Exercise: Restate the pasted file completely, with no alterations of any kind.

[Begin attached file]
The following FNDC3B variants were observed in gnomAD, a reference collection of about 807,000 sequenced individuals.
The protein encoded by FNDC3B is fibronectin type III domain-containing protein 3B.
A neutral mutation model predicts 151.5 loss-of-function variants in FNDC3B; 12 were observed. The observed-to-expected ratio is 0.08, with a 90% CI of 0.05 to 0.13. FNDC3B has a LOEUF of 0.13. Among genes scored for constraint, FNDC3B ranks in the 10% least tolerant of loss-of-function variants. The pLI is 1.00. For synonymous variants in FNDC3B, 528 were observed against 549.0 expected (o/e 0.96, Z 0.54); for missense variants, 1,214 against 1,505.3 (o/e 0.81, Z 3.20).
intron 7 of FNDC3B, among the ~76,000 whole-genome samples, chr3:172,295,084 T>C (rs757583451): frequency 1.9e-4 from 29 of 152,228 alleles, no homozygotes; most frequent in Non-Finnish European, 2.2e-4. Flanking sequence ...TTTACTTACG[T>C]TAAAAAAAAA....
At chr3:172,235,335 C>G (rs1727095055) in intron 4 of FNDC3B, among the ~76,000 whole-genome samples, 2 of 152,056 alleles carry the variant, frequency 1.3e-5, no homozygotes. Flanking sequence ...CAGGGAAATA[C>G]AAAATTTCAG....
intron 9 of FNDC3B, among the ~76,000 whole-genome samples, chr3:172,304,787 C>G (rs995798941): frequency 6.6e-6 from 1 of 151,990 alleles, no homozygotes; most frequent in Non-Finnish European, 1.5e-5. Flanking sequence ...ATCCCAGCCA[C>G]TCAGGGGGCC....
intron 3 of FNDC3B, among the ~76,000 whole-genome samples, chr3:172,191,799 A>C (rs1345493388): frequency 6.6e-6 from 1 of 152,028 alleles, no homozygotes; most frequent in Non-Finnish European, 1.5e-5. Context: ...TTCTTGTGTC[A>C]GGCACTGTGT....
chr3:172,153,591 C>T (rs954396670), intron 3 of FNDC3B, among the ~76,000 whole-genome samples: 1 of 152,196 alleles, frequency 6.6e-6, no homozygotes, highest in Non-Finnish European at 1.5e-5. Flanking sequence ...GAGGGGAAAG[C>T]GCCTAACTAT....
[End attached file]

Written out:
The following FNDC3B variants were observed in gnomAD, a reference collection of about 807,000 sequenced individuals.
The protein encoded by FNDC3B is fibronectin type III domain-containing protein 3B.
A neutral mutation model predicts 151.5 loss-of-function variants in FNDC3B; 12 were observed. The observed-to-expected ratio is 0.08, with a 90% CI of 0.05 to 0.13. FNDC3B has a LOEUF of 0.13. Among genes scored for constraint, FNDC3B ranks in the 10% least tolerant of loss-of-function variants. The pLI is 1.00. For synonymous variants in FNDC3B, 528 were observed against 549.0 expected (o/e 0.96, Z 0.54); for missense variants, 1,214 against 1,505.3 (o/e 0.81, Z 3.20).
intron 7 of FNDC3B, among the ~76,000 whole-genome samples, chr3:172,295,084 T>C (rs757583451): frequency 1.9e-4 from 29 of 152,228 alleles, no homozygotes; most frequent in Non-Finnish European, 2.2e-4. Flanking sequence ...TTTACTTACG[T>C]TAAAAAAAAA....
At chr3:172,235,335 C>G (rs1727095055) in intron 4 of FNDC3B, among the ~76,000 whole-genome samples, 2 of 152,056 alleles carry the variant, frequency 1.3e-5, no homozygotes. Flanking sequence ...CAGGGAAATA[C>G]AAAATTTCAG....
intron 9 of FNDC3B, among the ~76,000 whole-genome samples, chr3:172,304,787 C>G (rs995798941): frequency 6.6e-6 from 1 of 151,990 alleles, no homozygotes; most frequent in Non-Finnish European, 1.5e-5. Flanking sequence ...ATCCCAGCCA[C>G]TCAGGGGGCC....
intron 3 of FNDC3B, among the ~76,000 whole-genome samples, chr3:172,191,799 A>C (rs1345493388): frequency 6.6e-6 from 1 of 152,028 alleles, no homozygotes; most frequent in Non-Finnish European, 1.5e-5. Context: ...TTCTTGTGTC[A>C]GGCACTGTGT....
chr3:172,153,591 C>T (rs954396670), intron 3 of FNDC3B, among the ~76,000 whole-genome samples: 1 of 152,196 alleles, frequency 6.6e-6, no homozygotes, highest in Non-Finnish European at 1.5e-5. Flanking sequence ...GAGGGGAAAG[C>T]GCCTAACTAT....